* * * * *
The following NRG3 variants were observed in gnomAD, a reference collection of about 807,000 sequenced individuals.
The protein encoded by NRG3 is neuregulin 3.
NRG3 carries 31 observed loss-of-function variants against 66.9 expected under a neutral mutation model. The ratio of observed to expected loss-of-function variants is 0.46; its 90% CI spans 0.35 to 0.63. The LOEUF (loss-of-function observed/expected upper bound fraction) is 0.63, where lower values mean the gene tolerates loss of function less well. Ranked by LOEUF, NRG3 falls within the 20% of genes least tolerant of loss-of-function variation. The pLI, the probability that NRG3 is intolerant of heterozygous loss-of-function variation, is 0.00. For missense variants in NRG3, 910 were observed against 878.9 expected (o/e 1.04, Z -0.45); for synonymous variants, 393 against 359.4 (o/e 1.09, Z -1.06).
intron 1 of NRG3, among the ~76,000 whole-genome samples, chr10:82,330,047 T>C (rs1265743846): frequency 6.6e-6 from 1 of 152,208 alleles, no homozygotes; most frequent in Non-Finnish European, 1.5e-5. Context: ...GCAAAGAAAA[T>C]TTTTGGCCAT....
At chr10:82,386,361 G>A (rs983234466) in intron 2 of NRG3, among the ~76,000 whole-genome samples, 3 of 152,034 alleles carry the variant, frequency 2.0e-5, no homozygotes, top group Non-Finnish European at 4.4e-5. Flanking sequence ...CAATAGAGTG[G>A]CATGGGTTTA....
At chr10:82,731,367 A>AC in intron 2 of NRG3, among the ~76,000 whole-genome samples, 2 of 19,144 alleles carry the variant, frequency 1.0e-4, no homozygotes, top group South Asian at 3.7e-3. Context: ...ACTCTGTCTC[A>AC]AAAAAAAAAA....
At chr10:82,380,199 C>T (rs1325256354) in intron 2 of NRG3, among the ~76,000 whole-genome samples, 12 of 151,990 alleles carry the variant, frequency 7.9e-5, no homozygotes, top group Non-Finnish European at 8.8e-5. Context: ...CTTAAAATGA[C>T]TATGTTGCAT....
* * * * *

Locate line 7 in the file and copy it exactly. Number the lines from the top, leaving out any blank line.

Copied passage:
At chr10:82,380,199 C>T (rs1325256354) in intron 2 of NRG3, among the ~76,000 whole-genome samples, 12 of 151,990 alleles carry the variant, frequency 7.9e-5, no homozygotes, top group Non-Finnish European at 8.8e-5. Context: ...CTTAAAATGA[C>T]TATGTTGCAT....